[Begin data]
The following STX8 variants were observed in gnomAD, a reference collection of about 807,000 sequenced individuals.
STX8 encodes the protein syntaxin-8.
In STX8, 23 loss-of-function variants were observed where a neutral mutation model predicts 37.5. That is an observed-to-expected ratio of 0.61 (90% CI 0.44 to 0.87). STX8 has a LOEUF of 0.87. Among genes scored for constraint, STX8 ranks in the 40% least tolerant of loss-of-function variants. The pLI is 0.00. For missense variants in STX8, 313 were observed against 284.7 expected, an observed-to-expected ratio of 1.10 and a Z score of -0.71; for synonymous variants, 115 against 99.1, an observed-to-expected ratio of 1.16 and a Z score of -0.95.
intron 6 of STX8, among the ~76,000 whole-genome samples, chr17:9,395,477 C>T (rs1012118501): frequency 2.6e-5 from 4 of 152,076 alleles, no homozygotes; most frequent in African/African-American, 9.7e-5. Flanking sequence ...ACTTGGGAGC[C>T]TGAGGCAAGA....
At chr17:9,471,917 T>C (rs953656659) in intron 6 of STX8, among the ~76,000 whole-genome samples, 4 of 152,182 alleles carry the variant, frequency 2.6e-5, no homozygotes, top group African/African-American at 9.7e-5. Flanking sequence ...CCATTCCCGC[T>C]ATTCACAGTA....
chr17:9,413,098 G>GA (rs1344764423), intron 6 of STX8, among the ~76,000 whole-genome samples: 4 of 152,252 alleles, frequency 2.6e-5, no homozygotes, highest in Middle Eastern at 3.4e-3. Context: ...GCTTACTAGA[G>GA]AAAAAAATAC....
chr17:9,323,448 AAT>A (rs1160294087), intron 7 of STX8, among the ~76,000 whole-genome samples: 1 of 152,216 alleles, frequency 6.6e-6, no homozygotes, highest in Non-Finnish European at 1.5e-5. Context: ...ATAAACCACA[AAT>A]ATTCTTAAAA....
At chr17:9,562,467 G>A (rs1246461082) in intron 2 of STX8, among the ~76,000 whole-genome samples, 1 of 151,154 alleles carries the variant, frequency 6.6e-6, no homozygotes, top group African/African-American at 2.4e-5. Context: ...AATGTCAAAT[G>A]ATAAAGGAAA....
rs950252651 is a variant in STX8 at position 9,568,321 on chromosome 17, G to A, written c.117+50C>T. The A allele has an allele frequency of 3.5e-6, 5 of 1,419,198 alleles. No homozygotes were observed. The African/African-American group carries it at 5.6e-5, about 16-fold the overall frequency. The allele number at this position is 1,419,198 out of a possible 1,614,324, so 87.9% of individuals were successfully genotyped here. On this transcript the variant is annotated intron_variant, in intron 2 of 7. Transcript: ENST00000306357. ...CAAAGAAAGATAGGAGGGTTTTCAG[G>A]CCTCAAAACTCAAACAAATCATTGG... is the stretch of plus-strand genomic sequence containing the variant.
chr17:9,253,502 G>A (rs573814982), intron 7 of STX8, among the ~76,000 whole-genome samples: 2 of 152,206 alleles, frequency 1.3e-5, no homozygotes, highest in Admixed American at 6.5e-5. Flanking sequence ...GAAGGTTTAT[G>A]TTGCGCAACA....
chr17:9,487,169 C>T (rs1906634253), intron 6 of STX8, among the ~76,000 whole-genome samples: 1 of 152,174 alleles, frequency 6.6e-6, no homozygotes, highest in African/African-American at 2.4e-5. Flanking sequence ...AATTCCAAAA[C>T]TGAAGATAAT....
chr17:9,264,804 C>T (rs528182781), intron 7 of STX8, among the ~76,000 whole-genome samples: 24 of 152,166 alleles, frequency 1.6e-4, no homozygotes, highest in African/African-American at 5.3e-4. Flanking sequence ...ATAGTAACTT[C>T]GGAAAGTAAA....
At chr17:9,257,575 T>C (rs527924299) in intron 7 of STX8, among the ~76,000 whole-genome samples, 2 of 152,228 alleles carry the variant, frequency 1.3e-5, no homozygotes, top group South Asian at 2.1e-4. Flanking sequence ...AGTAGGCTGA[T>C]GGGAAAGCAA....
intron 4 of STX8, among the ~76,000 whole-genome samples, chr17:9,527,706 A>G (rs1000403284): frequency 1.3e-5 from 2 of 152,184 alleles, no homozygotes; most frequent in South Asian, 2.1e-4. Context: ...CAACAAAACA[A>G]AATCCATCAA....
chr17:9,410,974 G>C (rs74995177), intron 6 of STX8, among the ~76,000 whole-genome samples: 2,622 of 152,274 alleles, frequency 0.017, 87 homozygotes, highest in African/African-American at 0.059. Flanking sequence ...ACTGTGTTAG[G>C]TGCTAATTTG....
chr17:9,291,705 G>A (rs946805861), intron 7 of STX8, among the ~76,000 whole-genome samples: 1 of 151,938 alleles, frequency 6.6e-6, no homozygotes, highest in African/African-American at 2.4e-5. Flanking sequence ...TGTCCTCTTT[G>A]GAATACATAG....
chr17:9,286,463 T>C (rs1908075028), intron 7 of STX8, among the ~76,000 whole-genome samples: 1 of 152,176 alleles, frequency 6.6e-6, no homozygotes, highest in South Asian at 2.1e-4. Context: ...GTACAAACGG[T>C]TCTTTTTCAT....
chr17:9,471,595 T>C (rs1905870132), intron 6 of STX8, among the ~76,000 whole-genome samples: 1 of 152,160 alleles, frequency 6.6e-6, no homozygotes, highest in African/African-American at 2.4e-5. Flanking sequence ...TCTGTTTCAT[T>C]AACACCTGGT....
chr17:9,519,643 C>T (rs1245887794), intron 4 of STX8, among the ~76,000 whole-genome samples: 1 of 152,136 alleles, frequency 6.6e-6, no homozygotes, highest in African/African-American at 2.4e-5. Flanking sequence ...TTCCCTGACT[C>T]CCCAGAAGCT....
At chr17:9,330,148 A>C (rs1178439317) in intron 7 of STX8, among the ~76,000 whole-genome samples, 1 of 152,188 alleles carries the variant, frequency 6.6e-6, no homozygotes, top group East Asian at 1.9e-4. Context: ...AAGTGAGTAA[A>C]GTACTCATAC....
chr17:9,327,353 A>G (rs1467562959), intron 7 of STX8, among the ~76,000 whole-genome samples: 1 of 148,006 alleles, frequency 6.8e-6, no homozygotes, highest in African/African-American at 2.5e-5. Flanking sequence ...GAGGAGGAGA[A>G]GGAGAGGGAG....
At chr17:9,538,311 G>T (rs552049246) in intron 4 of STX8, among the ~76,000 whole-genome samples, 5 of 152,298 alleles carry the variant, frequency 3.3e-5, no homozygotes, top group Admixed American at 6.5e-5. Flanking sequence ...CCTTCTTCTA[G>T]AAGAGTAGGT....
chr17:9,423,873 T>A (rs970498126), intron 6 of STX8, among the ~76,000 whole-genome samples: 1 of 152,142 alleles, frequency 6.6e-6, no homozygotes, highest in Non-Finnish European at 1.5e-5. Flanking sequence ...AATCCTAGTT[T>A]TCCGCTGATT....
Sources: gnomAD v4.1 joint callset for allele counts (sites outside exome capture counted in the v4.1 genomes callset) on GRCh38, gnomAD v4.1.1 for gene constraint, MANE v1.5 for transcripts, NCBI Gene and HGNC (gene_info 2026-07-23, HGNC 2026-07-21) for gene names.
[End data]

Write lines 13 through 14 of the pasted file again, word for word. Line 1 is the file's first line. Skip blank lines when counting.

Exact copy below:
At chr17:9,257,575 T>C (rs527924299) in intron 7 of STX8, among the ~76,000 whole-genome samples, 2 of 152,228 alleles carry the variant, frequency 1.3e-5, no homozygotes, top group South Asian at 2.1e-4. Flanking sequence ...AGTAGGCTGA[T>C]GGGAAAGCAA....
intron 4 of STX8, among the ~76,000 whole-genome samples, chr17:9,527,706 A>G (rs1000403284): frequency 1.3e-5 from 2 of 152,184 alleles, no homozygotes; most frequent in South Asian, 2.1e-4. Context: ...CAACAAAACA[A>G]AATCCATCAA....